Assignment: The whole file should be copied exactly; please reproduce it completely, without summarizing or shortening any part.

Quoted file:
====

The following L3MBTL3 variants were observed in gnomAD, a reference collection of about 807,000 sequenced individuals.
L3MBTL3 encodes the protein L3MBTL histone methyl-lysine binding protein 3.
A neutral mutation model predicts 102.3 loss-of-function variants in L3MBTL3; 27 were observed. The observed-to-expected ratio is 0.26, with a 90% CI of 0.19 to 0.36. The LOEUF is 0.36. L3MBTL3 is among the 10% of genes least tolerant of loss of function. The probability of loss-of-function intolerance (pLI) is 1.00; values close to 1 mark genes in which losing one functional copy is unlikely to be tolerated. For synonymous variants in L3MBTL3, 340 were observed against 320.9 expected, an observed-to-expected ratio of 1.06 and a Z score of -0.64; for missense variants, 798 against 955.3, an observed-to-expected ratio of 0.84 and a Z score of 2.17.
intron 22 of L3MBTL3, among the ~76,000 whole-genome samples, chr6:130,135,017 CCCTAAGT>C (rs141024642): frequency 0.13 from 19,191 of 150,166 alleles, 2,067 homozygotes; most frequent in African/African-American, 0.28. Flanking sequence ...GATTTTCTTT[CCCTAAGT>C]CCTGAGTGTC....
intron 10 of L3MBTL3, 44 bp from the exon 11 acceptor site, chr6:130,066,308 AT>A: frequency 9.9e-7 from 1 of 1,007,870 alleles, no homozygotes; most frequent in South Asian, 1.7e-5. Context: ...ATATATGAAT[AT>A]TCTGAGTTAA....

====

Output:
The following L3MBTL3 variants were observed in gnomAD, a reference collection of about 807,000 sequenced individuals.
L3MBTL3 encodes the protein L3MBTL histone methyl-lysine binding protein 3.
A neutral mutation model predicts 102.3 loss-of-function variants in L3MBTL3; 27 were observed. The observed-to-expected ratio is 0.26, with a 90% CI of 0.19 to 0.36. The LOEUF is 0.36. L3MBTL3 is among the 10% of genes least tolerant of loss of function. The probability of loss-of-function intolerance (pLI) is 1.00; values close to 1 mark genes in which losing one functional copy is unlikely to be tolerated. For synonymous variants in L3MBTL3, 340 were observed against 320.9 expected, an observed-to-expected ratio of 1.06 and a Z score of -0.64; for missense variants, 798 against 955.3, an observed-to-expected ratio of 0.84 and a Z score of 2.17.
intron 22 of L3MBTL3, among the ~76,000 whole-genome samples, chr6:130,135,017 CCCTAAGT>C (rs141024642): frequency 0.13 from 19,191 of 150,166 alleles, 2,067 homozygotes; most frequent in African/African-American, 0.28. Flanking sequence ...GATTTTCTTT[CCCTAAGT>C]CCTGAGTGTC....
intron 10 of L3MBTL3, 44 bp from the exon 11 acceptor site, chr6:130,066,308 AT>A: frequency 9.9e-7 from 1 of 1,007,870 alleles, no homozygotes; most frequent in South Asian, 1.7e-5. Context: ...ATATATGAAT[AT>A]TCTGAGTTAA....